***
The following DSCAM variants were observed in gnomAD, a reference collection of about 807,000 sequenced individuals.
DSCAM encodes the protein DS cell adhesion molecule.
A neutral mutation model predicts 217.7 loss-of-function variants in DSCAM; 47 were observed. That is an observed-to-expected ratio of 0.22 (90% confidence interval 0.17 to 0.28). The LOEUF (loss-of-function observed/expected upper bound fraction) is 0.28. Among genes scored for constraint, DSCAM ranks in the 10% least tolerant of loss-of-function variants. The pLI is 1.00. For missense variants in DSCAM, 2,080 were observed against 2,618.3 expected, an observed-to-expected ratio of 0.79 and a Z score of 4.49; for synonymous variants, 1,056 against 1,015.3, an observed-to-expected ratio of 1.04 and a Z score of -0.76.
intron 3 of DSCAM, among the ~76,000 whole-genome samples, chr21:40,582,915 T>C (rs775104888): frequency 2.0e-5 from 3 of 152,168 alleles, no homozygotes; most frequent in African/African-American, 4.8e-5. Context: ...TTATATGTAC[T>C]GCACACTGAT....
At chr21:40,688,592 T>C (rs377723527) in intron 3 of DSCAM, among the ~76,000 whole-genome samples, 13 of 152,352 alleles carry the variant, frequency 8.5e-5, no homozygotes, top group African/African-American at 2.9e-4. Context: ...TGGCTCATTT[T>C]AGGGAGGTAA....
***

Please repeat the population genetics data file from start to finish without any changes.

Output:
The following DSCAM variants were observed in gnomAD, a reference collection of about 807,000 sequenced individuals.
DSCAM encodes the protein DS cell adhesion molecule.
A neutral mutation model predicts 217.7 loss-of-function variants in DSCAM; 47 were observed. That is an observed-to-expected ratio of 0.22 (90% confidence interval 0.17 to 0.28). The LOEUF (loss-of-function observed/expected upper bound fraction) is 0.28. Among genes scored for constraint, DSCAM ranks in the 10% least tolerant of loss-of-function variants. The pLI is 1.00. For missense variants in DSCAM, 2,080 were observed against 2,618.3 expected, an observed-to-expected ratio of 0.79 and a Z score of 4.49; for synonymous variants, 1,056 against 1,015.3, an observed-to-expected ratio of 1.04 and a Z score of -0.76.
intron 3 of DSCAM, among the ~76,000 whole-genome samples, chr21:40,582,915 T>C (rs775104888): frequency 2.0e-5 from 3 of 152,168 alleles, no homozygotes; most frequent in African/African-American, 4.8e-5. Context: ...TTATATGTAC[T>C]GCACACTGAT....
At chr21:40,688,592 T>C (rs377723527) in intron 3 of DSCAM, among the ~76,000 whole-genome samples, 13 of 152,352 alleles carry the variant, frequency 8.5e-5, no homozygotes, top group African/African-American at 2.9e-4. Context: ...TGGCTCATTT[T>C]AGGGAGGTAA....